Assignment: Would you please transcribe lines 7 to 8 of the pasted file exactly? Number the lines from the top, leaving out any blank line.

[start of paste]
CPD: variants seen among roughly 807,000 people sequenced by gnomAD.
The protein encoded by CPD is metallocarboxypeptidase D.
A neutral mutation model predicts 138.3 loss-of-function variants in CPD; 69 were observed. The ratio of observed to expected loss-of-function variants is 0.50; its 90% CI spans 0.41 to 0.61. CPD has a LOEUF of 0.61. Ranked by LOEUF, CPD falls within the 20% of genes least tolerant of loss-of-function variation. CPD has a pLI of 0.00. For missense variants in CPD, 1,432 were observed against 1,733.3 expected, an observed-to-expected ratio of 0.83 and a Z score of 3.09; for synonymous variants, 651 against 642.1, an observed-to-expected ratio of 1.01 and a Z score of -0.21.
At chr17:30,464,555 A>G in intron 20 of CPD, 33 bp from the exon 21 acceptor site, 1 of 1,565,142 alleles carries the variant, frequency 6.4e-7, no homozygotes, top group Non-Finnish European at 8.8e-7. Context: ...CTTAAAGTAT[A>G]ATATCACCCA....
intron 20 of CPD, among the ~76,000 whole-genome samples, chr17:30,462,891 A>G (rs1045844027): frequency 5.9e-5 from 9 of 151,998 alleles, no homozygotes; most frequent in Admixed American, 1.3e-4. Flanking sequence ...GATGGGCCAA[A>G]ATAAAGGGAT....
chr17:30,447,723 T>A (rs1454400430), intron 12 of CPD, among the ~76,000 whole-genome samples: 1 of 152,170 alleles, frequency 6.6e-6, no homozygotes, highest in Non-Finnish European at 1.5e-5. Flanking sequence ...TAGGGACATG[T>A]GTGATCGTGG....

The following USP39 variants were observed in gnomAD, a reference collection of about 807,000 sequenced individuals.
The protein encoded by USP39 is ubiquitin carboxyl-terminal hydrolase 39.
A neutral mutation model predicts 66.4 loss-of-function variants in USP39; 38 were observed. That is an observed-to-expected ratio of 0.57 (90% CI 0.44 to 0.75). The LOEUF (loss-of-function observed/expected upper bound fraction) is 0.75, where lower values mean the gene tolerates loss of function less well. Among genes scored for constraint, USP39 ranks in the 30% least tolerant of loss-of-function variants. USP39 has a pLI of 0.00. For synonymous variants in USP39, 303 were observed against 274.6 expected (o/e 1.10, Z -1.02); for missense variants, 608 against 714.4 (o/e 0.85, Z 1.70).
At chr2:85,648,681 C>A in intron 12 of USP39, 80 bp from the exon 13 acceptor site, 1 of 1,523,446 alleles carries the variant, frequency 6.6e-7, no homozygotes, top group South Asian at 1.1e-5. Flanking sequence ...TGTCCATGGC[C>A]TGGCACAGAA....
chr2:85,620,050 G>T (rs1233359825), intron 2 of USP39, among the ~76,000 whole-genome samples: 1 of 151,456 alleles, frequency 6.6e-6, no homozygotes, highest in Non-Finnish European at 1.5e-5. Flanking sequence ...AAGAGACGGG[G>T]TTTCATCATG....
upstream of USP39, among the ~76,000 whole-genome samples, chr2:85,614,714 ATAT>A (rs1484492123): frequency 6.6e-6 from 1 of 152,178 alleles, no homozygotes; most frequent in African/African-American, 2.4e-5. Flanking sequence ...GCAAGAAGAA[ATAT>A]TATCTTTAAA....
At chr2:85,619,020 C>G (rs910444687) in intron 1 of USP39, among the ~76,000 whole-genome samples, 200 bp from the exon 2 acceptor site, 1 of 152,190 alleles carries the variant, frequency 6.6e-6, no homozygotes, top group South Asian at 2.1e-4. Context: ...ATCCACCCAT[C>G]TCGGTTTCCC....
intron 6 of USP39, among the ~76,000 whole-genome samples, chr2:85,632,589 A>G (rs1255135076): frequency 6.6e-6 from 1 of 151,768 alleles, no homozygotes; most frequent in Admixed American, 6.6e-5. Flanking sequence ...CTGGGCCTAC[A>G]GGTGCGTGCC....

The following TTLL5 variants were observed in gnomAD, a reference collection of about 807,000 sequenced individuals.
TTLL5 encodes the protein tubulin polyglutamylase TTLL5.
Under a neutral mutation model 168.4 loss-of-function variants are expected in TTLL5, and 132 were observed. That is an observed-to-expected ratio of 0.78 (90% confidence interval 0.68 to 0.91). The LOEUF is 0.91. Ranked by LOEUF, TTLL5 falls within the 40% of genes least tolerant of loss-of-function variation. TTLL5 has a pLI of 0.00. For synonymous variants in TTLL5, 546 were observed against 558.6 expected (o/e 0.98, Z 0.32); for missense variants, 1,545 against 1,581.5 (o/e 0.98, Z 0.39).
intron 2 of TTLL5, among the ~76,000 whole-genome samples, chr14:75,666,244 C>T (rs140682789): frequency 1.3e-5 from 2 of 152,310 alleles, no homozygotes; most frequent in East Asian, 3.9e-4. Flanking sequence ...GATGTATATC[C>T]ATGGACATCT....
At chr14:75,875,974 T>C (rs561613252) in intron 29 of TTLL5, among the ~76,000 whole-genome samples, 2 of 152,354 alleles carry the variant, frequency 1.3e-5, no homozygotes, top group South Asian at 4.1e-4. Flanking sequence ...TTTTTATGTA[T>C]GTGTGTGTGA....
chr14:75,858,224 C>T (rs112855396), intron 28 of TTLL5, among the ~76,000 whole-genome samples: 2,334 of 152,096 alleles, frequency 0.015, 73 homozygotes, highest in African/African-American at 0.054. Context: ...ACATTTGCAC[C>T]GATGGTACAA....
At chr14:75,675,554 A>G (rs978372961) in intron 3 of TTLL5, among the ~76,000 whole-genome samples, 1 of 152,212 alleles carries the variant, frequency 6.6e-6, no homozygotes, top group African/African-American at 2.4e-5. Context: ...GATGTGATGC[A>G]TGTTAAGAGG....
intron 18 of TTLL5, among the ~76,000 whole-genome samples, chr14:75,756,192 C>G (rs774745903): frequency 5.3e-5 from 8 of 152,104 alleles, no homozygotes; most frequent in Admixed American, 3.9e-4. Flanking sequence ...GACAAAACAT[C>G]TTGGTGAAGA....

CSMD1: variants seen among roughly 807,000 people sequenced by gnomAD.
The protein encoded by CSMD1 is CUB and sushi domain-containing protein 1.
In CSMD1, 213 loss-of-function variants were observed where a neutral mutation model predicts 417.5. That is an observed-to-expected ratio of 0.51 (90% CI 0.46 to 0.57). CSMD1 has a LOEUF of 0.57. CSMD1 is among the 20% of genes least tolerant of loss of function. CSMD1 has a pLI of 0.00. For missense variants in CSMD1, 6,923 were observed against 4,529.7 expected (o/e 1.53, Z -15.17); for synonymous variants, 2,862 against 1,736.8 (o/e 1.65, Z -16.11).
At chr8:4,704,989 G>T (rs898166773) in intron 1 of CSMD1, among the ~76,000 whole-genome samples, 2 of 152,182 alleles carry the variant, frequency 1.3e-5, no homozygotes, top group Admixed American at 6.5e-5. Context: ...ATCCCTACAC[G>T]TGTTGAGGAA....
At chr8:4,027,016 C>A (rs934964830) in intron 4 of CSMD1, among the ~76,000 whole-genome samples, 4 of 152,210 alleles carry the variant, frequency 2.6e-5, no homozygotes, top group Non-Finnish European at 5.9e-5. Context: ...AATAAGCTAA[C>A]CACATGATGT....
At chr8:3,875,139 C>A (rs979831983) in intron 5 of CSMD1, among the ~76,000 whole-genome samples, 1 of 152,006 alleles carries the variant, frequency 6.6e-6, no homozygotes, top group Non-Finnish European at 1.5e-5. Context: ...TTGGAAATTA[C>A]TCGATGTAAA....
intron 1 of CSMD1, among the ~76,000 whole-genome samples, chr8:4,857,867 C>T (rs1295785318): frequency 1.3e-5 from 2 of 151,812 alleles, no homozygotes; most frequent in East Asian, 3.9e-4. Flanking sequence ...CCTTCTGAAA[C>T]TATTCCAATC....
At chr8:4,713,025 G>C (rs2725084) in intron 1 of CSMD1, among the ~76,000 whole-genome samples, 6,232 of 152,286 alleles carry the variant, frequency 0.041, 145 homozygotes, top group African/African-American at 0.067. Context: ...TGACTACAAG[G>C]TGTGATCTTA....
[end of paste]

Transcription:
The following USP39 variants were observed in gnomAD, a reference collection of about 807,000 sequenced individuals.
The protein encoded by USP39 is ubiquitin carboxyl-terminal hydrolase 39.